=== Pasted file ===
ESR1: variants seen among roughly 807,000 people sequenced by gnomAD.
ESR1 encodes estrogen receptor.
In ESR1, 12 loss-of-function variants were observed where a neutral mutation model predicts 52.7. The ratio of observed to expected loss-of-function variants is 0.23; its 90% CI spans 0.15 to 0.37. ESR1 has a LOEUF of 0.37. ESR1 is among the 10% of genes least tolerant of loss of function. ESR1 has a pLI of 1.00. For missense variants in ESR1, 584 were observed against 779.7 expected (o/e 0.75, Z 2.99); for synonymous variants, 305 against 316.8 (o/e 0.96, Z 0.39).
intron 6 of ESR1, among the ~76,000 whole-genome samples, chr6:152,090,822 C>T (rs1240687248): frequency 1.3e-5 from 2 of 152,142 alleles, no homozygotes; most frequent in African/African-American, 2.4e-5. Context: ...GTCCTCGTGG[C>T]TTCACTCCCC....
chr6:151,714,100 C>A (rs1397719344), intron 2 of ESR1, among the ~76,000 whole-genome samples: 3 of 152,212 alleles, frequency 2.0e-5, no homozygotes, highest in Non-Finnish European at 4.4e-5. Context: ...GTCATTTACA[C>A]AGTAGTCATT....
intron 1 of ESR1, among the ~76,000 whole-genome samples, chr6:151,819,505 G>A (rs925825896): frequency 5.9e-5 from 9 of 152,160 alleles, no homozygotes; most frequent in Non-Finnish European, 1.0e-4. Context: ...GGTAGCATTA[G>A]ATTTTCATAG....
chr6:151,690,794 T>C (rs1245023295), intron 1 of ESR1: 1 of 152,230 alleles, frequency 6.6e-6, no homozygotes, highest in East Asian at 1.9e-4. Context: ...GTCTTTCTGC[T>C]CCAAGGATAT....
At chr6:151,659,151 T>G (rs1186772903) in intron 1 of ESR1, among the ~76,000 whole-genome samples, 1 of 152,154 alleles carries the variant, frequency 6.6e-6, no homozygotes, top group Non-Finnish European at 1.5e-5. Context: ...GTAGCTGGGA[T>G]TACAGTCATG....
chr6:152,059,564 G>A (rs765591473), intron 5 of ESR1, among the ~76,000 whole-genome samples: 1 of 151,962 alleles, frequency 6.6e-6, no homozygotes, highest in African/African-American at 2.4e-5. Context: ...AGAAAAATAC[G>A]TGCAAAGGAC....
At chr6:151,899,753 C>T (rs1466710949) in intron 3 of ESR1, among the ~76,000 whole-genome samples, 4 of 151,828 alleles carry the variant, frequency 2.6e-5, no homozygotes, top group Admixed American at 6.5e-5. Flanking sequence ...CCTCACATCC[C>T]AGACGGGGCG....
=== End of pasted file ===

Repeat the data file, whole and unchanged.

ESR1: variants seen among roughly 807,000 people sequenced by gnomAD.
ESR1 encodes estrogen receptor.
In ESR1, 12 loss-of-function variants were observed where a neutral mutation model predicts 52.7. The ratio of observed to expected loss-of-function variants is 0.23; its 90% CI spans 0.15 to 0.37. ESR1 has a LOEUF of 0.37. ESR1 is among the 10% of genes least tolerant of loss of function. ESR1 has a pLI of 1.00. For missense variants in ESR1, 584 were observed against 779.7 expected (o/e 0.75, Z 2.99); for synonymous variants, 305 against 316.8 (o/e 0.96, Z 0.39).
intron 6 of ESR1, among the ~76,000 whole-genome samples, chr6:152,090,822 C>T (rs1240687248): frequency 1.3e-5 from 2 of 152,142 alleles, no homozygotes; most frequent in African/African-American, 2.4e-5. Context: ...GTCCTCGTGG[C>T]TTCACTCCCC....
chr6:151,714,100 C>A (rs1397719344), intron 2 of ESR1, among the ~76,000 whole-genome samples: 3 of 152,212 alleles, frequency 2.0e-5, no homozygotes, highest in Non-Finnish European at 4.4e-5. Context: ...GTCATTTACA[C>A]AGTAGTCATT....
intron 1 of ESR1, among the ~76,000 whole-genome samples, chr6:151,819,505 G>A (rs925825896): frequency 5.9e-5 from 9 of 152,160 alleles, no homozygotes; most frequent in Non-Finnish European, 1.0e-4. Context: ...GGTAGCATTA[G>A]ATTTTCATAG....
chr6:151,690,794 T>C (rs1245023295), intron 1 of ESR1: 1 of 152,230 alleles, frequency 6.6e-6, no homozygotes, highest in East Asian at 1.9e-4. Context: ...GTCTTTCTGC[T>C]CCAAGGATAT....
At chr6:151,659,151 T>G (rs1186772903) in intron 1 of ESR1, among the ~76,000 whole-genome samples, 1 of 152,154 alleles carries the variant, frequency 6.6e-6, no homozygotes, top group Non-Finnish European at 1.5e-5. Context: ...GTAGCTGGGA[T>G]TACAGTCATG....
chr6:152,059,564 G>A (rs765591473), intron 5 of ESR1, among the ~76,000 whole-genome samples: 1 of 151,962 alleles, frequency 6.6e-6, no homozygotes, highest in African/African-American at 2.4e-5. Context: ...AGAAAAATAC[G>A]TGCAAAGGAC....
At chr6:151,899,753 C>T (rs1466710949) in intron 3 of ESR1, among the ~76,000 whole-genome samples, 4 of 151,828 alleles carry the variant, frequency 2.6e-5, no homozygotes, top group Admixed American at 6.5e-5. Flanking sequence ...CCTCACATCC[C>T]AGACGGGGCG....